The sunshine vitamin is best known for the role it plays in bone health. But vitamin D has been shown to help prevent cancer, heart disease, autoimmune diseases, influenza, and type 2 diabetes. Benefits don’t end there. Vitamin D has also been shown to have an impact on our weight.
TL;DR: Vitamin D deficiency is fairly common in modern society. We are spending more time inside, not getting enough time in the sun. Prioritise your intake of the sunshine vitamin (Vitamin D) for your weight loss, bones, and general health.
Covid put the spotlight on Vitamin D. It plays a role in strengthening the immune system. But the benefits of this micronutrient don’t end there.
The sunshine vitamin is best known for the role it plays in bone health. But vitamin D has been shown to help prevent cancer, heart disease, autoimmune diseases, influenza and type 2 diabetes. It is also useful in the management of depression and anxiety1.
Benefits don’t end there. Vitamin D has also been shown to have an impact on our weight2.
Low vitamin D levels in the blood have been associated with a higher body mass index and body fat percentage in obese people3. This has led scientists to investigate whether or not addressing a poor vitamin D status has an impact on a person’s weight loss efforts.
First we need to know what causes the problem. Some believe that it is a result of lifestyle factors such as not spending enough time in the sun or failing to eat foods that are rich in vitamin D. It could also be related to genetic factors and lower levels of the enzyme required to convert vitamin D to its active form4.
Scientific evidence has many researchers questioning whether the vitamin deficiency causes obesity or if it is the other way around. Did the chicken come before the egg? But many studies have shown that by taking a cholecalciferol supplement - the active form of vitamin D - you can drop your BMI and your waist circumference5.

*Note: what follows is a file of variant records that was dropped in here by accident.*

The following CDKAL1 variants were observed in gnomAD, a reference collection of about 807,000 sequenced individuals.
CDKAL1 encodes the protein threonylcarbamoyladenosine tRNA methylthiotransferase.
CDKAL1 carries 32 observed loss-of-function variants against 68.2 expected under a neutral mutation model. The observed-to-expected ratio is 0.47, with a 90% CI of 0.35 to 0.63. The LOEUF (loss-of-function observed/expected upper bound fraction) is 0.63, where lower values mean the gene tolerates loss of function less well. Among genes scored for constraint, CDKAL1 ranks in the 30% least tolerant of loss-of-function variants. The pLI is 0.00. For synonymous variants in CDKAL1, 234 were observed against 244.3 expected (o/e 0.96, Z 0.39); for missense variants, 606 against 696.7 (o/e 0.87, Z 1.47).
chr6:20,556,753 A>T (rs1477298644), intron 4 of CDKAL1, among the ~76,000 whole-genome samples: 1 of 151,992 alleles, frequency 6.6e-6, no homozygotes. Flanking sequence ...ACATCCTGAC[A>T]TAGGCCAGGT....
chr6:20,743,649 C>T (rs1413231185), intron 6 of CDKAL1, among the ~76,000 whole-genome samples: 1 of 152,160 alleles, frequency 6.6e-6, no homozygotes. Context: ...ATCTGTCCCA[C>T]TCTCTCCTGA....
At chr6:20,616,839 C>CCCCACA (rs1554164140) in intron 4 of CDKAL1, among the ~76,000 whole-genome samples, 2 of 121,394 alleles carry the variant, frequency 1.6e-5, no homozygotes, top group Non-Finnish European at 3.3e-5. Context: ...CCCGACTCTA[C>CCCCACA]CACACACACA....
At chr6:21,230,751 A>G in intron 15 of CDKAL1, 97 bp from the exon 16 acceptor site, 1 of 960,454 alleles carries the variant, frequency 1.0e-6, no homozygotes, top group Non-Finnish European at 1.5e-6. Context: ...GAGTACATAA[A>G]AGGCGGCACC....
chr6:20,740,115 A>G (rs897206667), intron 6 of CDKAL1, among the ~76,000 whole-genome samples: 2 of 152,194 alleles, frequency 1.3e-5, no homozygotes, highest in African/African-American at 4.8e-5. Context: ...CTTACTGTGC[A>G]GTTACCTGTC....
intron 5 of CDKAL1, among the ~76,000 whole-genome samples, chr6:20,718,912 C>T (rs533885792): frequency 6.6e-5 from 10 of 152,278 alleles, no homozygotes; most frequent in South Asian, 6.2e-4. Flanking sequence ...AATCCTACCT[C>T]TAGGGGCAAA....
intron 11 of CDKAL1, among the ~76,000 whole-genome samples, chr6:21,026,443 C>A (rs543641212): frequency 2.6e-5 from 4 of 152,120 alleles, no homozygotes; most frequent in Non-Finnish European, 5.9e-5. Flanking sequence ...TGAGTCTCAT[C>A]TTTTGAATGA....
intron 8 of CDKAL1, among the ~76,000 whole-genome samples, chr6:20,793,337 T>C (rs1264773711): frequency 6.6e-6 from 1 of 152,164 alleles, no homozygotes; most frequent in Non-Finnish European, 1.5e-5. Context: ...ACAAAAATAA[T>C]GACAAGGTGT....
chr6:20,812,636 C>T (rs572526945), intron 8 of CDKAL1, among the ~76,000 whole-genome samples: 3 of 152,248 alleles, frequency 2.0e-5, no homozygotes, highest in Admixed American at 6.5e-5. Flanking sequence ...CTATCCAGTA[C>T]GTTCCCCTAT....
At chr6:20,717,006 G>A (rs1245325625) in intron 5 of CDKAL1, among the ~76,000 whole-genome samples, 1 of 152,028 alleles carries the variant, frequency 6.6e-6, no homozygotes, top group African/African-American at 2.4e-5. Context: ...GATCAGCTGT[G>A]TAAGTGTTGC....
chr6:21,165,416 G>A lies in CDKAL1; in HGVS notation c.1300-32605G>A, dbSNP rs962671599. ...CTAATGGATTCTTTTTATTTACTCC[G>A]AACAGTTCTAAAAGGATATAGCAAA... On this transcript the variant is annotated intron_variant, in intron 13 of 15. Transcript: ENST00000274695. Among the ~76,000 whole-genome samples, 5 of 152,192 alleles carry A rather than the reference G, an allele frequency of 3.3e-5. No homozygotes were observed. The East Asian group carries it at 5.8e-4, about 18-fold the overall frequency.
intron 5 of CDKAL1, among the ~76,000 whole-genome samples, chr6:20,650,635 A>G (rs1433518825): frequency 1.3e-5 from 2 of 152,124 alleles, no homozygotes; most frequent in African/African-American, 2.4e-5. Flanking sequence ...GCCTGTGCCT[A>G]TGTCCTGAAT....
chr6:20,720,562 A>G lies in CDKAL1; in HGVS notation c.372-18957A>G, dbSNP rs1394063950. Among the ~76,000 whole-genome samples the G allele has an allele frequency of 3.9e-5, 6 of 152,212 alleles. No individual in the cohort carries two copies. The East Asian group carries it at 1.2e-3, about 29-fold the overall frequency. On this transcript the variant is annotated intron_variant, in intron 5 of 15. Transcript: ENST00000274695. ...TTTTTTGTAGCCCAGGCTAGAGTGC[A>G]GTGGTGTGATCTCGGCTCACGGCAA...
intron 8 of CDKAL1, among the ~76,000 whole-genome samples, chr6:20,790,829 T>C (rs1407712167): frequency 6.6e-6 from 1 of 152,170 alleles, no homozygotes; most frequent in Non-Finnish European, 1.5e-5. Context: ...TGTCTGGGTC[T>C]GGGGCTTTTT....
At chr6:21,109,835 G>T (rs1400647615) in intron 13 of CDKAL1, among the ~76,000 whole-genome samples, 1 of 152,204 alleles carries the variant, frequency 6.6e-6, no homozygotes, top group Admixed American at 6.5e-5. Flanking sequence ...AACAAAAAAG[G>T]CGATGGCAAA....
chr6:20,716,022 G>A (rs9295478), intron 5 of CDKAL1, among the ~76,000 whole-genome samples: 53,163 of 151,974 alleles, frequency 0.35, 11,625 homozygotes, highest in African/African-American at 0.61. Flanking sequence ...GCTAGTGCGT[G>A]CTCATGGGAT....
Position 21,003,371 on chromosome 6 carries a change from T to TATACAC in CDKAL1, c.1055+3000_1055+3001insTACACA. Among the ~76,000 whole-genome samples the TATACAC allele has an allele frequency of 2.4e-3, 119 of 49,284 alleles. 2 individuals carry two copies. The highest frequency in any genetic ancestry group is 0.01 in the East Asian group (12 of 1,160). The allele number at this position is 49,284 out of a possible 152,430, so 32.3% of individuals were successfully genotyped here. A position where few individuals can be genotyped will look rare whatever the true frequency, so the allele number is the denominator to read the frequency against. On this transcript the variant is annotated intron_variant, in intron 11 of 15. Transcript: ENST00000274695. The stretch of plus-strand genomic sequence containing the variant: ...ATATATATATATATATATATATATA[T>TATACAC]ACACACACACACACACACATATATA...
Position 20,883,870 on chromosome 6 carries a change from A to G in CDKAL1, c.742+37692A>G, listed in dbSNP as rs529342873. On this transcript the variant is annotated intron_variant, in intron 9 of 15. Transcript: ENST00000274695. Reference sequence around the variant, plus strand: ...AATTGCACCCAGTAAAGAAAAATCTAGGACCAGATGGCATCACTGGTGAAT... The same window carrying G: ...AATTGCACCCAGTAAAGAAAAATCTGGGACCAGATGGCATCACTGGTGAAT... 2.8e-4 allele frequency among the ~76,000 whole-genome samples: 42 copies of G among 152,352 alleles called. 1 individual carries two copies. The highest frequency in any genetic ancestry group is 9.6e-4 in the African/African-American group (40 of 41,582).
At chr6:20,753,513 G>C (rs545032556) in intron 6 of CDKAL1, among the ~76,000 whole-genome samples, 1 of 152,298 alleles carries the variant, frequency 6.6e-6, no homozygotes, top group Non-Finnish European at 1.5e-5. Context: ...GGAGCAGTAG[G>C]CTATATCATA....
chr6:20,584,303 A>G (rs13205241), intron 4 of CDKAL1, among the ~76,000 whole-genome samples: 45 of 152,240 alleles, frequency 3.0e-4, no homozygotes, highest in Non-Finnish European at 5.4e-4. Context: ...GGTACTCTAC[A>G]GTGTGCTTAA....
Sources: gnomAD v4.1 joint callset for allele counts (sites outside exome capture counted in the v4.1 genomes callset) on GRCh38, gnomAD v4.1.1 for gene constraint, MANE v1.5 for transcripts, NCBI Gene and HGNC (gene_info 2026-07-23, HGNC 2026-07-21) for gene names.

Being overweight with a high body fat percentage results in many physiological and biochemical changes in the body. Vitamin D has been shown to address some of these metabolic abnormalities and the tissue damage that occurs as a result of these changes5.
Supplementing with the active form of vitamin D has been proposed to have an impact on these mechanisms5:
The neurotransmitters, serotonin and dopamine, are recognised not only for their effect on our mood, but also for their role in suppressing the appetite. Vitamin D boosts the levels of serotonin resulting in you feeling full quicker and for longer. It also naturally reduces the number of calories you eat6.
Everyone needs to meet their daily requirements for all micronutrients for the body to function at its best. The current recommended intake for vitamin D is 600 IU for people under the age of seventy and 800 IU for anyone older than that. These recommendations are based on its benefit for bone health7.
More important is your blood levels of vitamin D. If it is low, you will need to make some changes to try and bring it up.
Exposing your skin to the sun for fifteen to twenty minutes per day is the best way to get vitamin D. Your body has the ability to produce the vitamin when ultraviolet rays penetrate the skin.
There are only a few food sources of this nutrient. Include the following foods in your diet to boost your vitamin D intake: dark oily fish, fortified dairy products, and eggs8. Did you know that giving your mushrooms a suntan increases the levels of vitamin D they contain9? Place them in the sun for fifteen minutes before cooking them.
Are you wondering about what time of day you should eat the bulk of your calories? Does it make a difference? Is it better to eat more of your calories earlier in the day or later? Learn more about it in this post.
You don’t want to mess up your diet and stop losing weight. Or even worse, gain weight. But, if you are eating well is it okay to give yourself a bit of freedom?